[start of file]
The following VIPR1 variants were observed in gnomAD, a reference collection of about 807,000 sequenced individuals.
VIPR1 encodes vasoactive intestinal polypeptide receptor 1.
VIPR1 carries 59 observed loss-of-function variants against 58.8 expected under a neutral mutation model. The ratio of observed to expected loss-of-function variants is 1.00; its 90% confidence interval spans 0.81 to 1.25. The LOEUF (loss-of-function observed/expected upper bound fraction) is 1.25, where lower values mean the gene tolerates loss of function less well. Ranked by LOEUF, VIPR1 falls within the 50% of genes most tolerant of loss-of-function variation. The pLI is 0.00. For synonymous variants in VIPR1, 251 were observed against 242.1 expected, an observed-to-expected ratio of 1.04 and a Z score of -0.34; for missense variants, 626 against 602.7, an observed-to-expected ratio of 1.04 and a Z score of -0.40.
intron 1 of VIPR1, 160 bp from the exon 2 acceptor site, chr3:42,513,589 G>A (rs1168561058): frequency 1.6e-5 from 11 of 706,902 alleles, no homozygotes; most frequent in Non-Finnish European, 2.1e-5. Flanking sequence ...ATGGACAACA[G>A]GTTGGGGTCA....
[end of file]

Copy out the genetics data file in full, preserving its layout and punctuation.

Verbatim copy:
The following VIPR1 variants were observed in gnomAD, a reference collection of about 807,000 sequenced individuals.
VIPR1 encodes vasoactive intestinal polypeptide receptor 1.
VIPR1 carries 59 observed loss-of-function variants against 58.8 expected under a neutral mutation model. The ratio of observed to expected loss-of-function variants is 1.00; its 90% confidence interval spans 0.81 to 1.25. The LOEUF (loss-of-function observed/expected upper bound fraction) is 1.25, where lower values mean the gene tolerates loss of function less well. Ranked by LOEUF, VIPR1 falls within the 50% of genes most tolerant of loss-of-function variation. The pLI is 0.00. For synonymous variants in VIPR1, 251 were observed against 242.1 expected, an observed-to-expected ratio of 1.04 and a Z score of -0.34; for missense variants, 626 against 602.7, an observed-to-expected ratio of 1.04 and a Z score of -0.40.
intron 1 of VIPR1, 160 bp from the exon 2 acceptor site, chr3:42,513,589 G>A (rs1168561058): frequency 1.6e-5 from 11 of 706,902 alleles, no homozygotes; most frequent in Non-Finnish European, 2.1e-5. Flanking sequence ...ATGGACAACA[G>A]GTTGGGGTCA....